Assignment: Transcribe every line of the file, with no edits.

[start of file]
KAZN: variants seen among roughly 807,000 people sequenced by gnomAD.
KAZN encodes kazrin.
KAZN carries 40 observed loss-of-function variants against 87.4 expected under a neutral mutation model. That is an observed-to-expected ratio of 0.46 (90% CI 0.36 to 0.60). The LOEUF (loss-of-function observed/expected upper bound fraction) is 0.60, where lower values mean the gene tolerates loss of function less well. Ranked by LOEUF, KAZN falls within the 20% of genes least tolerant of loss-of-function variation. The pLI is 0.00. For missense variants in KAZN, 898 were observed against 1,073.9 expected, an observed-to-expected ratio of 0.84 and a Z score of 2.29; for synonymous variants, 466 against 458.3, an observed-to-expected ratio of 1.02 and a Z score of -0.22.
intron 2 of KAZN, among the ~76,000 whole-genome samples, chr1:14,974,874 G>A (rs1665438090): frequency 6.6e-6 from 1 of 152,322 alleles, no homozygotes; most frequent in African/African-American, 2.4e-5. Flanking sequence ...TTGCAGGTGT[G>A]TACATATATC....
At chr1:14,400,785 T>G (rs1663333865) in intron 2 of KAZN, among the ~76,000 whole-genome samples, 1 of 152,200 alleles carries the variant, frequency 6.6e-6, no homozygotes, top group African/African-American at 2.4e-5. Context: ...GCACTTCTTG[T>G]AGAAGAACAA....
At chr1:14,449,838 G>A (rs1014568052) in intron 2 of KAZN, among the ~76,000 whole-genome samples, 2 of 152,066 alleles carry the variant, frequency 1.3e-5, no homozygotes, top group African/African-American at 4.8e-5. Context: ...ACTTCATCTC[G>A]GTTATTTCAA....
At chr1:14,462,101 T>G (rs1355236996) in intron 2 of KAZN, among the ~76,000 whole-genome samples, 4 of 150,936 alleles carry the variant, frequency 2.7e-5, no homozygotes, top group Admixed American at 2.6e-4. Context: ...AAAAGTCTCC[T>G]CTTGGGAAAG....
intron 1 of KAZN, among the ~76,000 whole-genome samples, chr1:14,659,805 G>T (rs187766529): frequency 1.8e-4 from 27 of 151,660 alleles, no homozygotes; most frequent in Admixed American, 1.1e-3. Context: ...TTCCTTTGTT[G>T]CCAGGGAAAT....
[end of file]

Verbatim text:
KAZN: variants seen among roughly 807,000 people sequenced by gnomAD.
KAZN encodes kazrin.
KAZN carries 40 observed loss-of-function variants against 87.4 expected under a neutral mutation model. That is an observed-to-expected ratio of 0.46 (90% CI 0.36 to 0.60). The LOEUF (loss-of-function observed/expected upper bound fraction) is 0.60, where lower values mean the gene tolerates loss of function less well. Ranked by LOEUF, KAZN falls within the 20% of genes least tolerant of loss-of-function variation. The pLI is 0.00. For missense variants in KAZN, 898 were observed against 1,073.9 expected, an observed-to-expected ratio of 0.84 and a Z score of 2.29; for synonymous variants, 466 against 458.3, an observed-to-expected ratio of 1.02 and a Z score of -0.22.
intron 2 of KAZN, among the ~76,000 whole-genome samples, chr1:14,974,874 G>A (rs1665438090): frequency 6.6e-6 from 1 of 152,322 alleles, no homozygotes; most frequent in African/African-American, 2.4e-5. Flanking sequence ...TTGCAGGTGT[G>A]TACATATATC....
At chr1:14,400,785 T>G (rs1663333865) in intron 2 of KAZN, among the ~76,000 whole-genome samples, 1 of 152,200 alleles carries the variant, frequency 6.6e-6, no homozygotes, top group African/African-American at 2.4e-5. Context: ...GCACTTCTTG[T>G]AGAAGAACAA....
At chr1:14,449,838 G>A (rs1014568052) in intron 2 of KAZN, among the ~76,000 whole-genome samples, 2 of 152,066 alleles carry the variant, frequency 1.3e-5, no homozygotes, top group African/African-American at 4.8e-5. Context: ...ACTTCATCTC[G>A]GTTATTTCAA....
At chr1:14,462,101 T>G (rs1355236996) in intron 2 of KAZN, among the ~76,000 whole-genome samples, 4 of 150,936 alleles carry the variant, frequency 2.7e-5, no homozygotes, top group Admixed American at 2.6e-4. Context: ...AAAAGTCTCC[T>G]CTTGGGAAAG....
intron 1 of KAZN, among the ~76,000 whole-genome samples, chr1:14,659,805 G>T (rs187766529): frequency 1.8e-4 from 27 of 151,660 alleles, no homozygotes; most frequent in Admixed American, 1.1e-3. Context: ...TTCCTTTGTT[G>T]CCAGGGAAAT....